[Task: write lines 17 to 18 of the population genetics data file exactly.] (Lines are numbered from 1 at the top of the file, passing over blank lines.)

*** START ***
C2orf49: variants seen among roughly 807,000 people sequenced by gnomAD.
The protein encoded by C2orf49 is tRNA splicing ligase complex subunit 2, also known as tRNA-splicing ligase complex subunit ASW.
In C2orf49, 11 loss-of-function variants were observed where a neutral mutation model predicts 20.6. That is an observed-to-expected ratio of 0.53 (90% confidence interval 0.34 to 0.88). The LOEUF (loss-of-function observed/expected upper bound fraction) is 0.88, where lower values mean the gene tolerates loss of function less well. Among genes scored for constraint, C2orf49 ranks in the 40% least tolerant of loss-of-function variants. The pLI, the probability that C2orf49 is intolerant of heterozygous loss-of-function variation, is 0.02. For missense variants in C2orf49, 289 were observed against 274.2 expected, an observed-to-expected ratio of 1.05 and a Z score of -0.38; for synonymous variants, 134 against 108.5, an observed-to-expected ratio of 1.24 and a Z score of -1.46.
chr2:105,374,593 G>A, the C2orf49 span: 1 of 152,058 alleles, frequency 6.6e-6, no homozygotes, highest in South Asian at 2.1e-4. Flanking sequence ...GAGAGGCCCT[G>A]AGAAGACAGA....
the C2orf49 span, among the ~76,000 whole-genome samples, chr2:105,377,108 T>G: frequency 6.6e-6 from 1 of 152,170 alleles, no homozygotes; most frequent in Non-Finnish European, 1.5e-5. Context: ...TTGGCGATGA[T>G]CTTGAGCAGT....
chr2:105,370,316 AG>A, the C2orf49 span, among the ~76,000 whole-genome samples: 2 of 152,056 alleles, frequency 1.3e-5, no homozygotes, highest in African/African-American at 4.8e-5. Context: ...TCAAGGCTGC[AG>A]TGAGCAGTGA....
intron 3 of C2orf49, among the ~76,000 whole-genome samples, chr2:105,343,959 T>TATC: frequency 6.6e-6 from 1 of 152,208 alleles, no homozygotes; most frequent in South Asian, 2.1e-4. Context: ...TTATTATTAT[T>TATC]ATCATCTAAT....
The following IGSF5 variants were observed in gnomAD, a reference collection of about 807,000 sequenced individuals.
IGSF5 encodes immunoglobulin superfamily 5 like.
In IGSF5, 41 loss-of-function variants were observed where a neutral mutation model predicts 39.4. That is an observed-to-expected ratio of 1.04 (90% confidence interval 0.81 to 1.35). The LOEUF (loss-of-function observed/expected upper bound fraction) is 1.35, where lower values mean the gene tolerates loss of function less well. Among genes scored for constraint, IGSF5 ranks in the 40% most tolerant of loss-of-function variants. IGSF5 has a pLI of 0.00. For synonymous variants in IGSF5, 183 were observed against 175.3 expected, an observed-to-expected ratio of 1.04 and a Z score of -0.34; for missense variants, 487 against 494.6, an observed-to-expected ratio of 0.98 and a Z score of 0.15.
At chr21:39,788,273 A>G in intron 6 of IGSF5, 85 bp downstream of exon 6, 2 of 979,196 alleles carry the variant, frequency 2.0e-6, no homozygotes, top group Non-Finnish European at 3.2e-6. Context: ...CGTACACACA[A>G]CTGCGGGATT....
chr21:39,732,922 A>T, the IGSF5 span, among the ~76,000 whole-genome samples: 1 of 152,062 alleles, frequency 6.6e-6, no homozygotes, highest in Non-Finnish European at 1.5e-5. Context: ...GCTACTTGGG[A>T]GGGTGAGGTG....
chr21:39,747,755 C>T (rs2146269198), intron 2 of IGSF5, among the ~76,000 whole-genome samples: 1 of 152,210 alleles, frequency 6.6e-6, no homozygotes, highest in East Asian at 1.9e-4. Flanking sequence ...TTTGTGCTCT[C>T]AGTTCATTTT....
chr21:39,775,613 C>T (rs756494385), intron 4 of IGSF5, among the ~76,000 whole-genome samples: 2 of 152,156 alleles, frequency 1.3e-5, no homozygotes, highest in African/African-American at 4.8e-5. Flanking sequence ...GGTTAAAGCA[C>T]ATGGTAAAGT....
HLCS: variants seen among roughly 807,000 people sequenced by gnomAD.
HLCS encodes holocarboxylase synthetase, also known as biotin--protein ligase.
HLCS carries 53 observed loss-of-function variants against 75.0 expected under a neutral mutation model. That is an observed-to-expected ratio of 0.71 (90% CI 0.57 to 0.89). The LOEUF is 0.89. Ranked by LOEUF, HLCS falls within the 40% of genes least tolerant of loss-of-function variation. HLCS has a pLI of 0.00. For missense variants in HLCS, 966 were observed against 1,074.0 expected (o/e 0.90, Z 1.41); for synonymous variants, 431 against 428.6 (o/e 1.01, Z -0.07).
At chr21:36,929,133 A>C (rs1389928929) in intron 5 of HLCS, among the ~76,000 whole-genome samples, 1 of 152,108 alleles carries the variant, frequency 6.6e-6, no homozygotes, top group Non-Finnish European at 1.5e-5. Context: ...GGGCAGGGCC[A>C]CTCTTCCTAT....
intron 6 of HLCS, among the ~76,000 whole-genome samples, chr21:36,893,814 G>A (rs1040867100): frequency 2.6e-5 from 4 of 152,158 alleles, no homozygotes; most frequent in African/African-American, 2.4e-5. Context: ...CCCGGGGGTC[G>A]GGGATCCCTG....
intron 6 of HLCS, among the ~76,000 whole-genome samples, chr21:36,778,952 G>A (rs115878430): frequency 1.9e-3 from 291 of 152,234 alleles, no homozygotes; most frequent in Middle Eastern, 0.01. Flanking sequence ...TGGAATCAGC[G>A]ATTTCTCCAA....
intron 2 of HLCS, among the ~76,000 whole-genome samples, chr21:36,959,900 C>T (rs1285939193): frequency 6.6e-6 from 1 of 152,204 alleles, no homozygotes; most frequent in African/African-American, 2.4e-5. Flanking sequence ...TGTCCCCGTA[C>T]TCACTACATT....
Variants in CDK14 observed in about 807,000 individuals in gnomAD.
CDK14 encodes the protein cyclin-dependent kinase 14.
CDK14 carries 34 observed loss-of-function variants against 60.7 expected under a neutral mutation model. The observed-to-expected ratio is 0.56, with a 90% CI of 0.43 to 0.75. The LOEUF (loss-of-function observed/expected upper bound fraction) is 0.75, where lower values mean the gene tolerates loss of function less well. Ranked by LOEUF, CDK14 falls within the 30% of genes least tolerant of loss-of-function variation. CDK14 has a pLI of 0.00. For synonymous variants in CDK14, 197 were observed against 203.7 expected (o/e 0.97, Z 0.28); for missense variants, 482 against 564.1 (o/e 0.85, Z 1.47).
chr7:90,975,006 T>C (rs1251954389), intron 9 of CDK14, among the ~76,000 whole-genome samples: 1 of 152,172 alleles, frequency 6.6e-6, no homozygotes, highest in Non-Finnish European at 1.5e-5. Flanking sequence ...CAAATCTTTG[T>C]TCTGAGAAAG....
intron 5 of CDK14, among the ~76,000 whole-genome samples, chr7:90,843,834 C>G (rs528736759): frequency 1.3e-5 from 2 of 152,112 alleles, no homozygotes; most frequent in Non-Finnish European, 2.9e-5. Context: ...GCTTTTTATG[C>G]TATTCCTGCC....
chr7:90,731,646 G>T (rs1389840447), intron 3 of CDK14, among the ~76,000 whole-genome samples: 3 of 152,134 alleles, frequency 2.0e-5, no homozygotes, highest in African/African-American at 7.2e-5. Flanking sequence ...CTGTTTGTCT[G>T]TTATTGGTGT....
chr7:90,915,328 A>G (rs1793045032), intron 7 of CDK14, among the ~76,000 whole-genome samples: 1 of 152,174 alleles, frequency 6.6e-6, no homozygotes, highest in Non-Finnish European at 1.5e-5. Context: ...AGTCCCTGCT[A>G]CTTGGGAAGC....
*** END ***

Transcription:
HLCS carries 53 observed loss-of-function variants against 75.0 expected under a neutral mutation model. That is an observed-to-expected ratio of 0.71 (90% CI 0.57 to 0.89). The LOEUF is 0.89. Ranked by LOEUF, HLCS falls within the 40% of genes least tolerant of loss-of-function variation. HLCS has a pLI of 0.00. For missense variants in HLCS, 966 were observed against 1,074.0 expected (o/e 0.90, Z 1.41); for synonymous variants, 431 against 428.6 (o/e 1.01, Z -0.07).
At chr21:36,929,133 A>C (rs1389928929) in intron 5 of HLCS, among the ~76,000 whole-genome samples, 1 of 152,108 alleles carries the variant, frequency 6.6e-6, no homozygotes, top group Non-Finnish European at 1.5e-5. Context: ...GGGCAGGGCC[A>C]CTCTTCCTAT....